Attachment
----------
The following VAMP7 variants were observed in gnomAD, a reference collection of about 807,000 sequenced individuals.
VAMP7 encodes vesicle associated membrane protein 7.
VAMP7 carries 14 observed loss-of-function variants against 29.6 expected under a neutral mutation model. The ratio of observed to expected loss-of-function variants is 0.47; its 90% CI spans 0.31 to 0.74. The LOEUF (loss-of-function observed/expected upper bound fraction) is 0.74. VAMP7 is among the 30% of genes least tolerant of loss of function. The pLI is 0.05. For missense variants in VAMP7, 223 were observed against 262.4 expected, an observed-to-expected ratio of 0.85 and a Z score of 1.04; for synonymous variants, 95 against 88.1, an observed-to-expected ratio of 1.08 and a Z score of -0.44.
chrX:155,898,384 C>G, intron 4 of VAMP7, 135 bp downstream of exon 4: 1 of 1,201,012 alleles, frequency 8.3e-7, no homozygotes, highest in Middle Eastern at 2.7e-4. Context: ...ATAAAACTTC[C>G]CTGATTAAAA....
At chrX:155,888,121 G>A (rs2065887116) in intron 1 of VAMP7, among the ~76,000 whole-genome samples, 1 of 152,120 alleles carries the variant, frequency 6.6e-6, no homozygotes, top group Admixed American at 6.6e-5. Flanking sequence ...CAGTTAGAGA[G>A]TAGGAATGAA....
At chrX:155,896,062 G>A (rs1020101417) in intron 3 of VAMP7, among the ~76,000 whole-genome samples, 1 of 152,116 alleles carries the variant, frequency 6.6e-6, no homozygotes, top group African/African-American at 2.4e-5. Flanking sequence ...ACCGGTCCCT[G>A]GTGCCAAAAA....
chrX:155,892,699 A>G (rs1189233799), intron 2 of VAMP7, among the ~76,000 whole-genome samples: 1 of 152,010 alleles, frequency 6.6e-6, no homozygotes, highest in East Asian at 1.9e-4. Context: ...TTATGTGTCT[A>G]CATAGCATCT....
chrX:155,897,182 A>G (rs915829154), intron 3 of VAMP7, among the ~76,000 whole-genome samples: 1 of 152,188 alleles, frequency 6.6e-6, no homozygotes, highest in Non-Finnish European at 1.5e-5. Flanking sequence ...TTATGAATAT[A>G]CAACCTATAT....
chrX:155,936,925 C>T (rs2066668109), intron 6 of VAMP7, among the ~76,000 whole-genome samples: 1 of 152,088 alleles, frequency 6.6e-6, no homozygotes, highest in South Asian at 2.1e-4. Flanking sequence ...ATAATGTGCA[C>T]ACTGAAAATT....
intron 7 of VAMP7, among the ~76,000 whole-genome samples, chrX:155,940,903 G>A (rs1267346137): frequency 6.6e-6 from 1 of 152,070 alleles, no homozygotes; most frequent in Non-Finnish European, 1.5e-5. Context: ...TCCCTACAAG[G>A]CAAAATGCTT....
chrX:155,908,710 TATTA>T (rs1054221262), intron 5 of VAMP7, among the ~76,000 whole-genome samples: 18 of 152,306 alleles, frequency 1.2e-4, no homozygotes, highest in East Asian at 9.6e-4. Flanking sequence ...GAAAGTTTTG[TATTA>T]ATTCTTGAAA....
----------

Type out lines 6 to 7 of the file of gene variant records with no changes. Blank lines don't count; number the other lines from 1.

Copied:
At chrX:155,896,062 G>A (rs1020101417) in intron 3 of VAMP7, among the ~76,000 whole-genome samples, 1 of 152,116 alleles carries the variant, frequency 6.6e-6, no homozygotes, top group African/African-American at 2.4e-5. Flanking sequence ...ACCGGTCCCT[G>A]GTGCCAAAAA....
chrX:155,892,699 A>G (rs1189233799), intron 2 of VAMP7, among the ~76,000 whole-genome samples: 1 of 152,010 alleles, frequency 6.6e-6, no homozygotes, highest in East Asian at 1.9e-4. Context: ...TTATGTGTCT[A>G]CATAGCATCT....